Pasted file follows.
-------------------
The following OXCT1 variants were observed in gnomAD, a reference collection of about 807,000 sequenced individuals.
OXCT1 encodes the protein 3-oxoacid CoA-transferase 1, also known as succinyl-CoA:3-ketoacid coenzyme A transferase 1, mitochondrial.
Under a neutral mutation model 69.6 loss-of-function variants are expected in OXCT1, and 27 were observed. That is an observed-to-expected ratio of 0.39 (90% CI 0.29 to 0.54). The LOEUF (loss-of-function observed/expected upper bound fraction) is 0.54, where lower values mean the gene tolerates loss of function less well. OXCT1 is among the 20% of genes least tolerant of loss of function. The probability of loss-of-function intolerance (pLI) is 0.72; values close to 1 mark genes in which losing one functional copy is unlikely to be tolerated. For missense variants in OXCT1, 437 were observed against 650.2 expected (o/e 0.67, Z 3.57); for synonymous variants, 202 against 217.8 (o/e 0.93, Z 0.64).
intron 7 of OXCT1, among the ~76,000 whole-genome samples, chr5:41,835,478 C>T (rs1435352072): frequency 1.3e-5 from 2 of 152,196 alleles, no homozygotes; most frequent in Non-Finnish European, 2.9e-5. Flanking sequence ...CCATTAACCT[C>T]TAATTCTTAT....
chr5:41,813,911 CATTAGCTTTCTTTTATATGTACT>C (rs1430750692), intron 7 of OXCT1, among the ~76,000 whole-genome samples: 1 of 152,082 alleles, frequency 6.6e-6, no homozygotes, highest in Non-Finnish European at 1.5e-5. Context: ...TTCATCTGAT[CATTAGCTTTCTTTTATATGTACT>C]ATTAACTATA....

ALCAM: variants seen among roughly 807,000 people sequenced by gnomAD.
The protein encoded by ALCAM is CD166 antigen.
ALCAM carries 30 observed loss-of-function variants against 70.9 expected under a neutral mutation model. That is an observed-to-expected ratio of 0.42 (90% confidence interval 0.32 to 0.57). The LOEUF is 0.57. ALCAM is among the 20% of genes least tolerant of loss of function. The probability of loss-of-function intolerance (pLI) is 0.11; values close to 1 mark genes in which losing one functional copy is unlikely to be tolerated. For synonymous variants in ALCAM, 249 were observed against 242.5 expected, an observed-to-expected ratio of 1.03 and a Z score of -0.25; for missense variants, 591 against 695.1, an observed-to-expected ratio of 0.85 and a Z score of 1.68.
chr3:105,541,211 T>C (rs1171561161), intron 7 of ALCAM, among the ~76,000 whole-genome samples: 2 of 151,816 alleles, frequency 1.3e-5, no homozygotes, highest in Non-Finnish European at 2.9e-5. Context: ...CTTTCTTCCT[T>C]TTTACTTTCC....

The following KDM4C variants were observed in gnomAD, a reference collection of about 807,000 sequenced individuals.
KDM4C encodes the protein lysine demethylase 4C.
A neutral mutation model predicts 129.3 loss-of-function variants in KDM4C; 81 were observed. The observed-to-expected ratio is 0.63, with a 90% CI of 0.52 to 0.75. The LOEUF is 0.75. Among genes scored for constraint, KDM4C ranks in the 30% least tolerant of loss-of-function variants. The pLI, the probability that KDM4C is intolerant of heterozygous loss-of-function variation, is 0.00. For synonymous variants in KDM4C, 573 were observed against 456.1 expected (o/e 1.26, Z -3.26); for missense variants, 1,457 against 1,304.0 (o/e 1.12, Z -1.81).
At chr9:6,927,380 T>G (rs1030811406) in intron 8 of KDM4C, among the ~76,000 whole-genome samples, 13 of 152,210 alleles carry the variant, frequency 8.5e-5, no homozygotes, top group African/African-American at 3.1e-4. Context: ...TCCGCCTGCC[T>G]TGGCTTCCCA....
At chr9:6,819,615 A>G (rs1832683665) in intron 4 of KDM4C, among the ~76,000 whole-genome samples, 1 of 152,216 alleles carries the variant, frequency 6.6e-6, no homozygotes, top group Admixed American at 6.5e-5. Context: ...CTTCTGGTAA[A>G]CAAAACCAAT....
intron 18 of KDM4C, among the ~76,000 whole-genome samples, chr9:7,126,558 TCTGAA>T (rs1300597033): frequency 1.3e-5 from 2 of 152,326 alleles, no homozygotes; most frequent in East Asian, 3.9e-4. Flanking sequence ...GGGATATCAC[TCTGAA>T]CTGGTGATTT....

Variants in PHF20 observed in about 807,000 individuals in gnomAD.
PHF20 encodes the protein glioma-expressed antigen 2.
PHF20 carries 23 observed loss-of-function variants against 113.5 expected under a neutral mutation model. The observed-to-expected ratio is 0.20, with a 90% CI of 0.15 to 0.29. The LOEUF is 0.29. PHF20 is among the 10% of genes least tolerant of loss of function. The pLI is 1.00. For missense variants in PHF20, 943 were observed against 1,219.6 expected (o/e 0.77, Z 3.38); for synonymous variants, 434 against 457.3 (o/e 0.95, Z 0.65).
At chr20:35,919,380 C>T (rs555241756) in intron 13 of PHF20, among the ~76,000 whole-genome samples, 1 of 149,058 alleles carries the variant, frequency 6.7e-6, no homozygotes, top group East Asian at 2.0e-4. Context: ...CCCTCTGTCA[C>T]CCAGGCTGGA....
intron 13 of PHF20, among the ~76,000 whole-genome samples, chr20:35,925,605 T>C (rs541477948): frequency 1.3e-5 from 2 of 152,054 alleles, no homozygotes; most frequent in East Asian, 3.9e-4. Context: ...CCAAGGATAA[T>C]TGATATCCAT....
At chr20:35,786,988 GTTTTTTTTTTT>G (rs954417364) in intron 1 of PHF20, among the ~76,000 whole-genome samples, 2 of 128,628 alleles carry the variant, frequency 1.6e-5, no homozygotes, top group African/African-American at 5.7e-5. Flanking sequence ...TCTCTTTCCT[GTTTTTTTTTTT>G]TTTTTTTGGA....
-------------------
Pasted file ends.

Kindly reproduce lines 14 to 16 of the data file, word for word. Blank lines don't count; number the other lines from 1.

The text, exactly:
At chr9:6,819,615 A>G (rs1832683665) in intron 4 of KDM4C, among the ~76,000 whole-genome samples, 1 of 152,216 alleles carries the variant, frequency 6.6e-6, no homozygotes, top group Admixed American at 6.5e-5. Context: ...CTTCTGGTAA[A>G]CAAAACCAAT....
intron 18 of KDM4C, among the ~76,000 whole-genome samples, chr9:7,126,558 TCTGAA>T (rs1300597033): frequency 1.3e-5 from 2 of 152,326 alleles, no homozygotes; most frequent in East Asian, 3.9e-4. Flanking sequence ...GGGATATCAC[TCTGAA>T]CTGGTGATTT....

Variants in PHF20 observed in about 807,000 individuals in gnomAD.